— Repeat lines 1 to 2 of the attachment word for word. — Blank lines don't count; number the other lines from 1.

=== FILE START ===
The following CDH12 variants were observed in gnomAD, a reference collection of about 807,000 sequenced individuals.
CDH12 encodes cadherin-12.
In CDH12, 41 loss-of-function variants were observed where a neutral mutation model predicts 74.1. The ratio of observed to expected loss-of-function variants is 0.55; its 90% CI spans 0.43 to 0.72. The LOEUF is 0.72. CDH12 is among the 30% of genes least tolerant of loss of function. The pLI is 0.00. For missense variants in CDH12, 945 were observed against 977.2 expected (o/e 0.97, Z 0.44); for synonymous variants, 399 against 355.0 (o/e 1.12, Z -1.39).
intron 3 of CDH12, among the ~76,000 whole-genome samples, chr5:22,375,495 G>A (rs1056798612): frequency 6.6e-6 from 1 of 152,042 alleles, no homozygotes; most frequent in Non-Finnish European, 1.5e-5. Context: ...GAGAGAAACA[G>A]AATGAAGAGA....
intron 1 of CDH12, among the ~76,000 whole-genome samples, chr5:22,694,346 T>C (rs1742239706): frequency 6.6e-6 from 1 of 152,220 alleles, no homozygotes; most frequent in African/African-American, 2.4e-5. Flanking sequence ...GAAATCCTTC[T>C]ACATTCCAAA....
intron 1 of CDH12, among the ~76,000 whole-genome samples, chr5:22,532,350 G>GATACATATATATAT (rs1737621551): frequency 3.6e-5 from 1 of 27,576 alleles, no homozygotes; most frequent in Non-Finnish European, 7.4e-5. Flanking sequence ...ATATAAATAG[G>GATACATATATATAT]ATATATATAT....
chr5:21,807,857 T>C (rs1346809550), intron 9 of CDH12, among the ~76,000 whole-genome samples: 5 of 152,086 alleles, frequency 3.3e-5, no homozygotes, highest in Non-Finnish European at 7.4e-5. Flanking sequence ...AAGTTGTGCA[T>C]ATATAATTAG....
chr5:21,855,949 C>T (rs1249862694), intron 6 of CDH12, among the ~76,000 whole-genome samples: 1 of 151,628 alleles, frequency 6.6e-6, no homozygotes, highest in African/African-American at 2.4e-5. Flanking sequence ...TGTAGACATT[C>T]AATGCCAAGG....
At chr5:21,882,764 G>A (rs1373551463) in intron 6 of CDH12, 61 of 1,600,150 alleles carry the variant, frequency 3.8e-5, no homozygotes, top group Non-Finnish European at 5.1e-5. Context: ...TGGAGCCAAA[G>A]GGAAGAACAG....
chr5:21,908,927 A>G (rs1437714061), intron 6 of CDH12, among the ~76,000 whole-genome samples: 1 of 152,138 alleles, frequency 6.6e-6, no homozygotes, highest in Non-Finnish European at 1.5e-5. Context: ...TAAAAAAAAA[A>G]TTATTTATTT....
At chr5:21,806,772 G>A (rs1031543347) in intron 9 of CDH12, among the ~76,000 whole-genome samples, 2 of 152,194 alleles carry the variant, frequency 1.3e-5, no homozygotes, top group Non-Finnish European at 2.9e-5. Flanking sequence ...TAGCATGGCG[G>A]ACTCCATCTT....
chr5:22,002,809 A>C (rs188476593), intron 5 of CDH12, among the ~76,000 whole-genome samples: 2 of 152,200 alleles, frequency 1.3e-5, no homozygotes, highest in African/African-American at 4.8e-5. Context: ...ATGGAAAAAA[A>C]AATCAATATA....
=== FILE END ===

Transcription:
The following CDH12 variants were observed in gnomAD, a reference collection of about 807,000 sequenced individuals.
CDH12 encodes cadherin-12.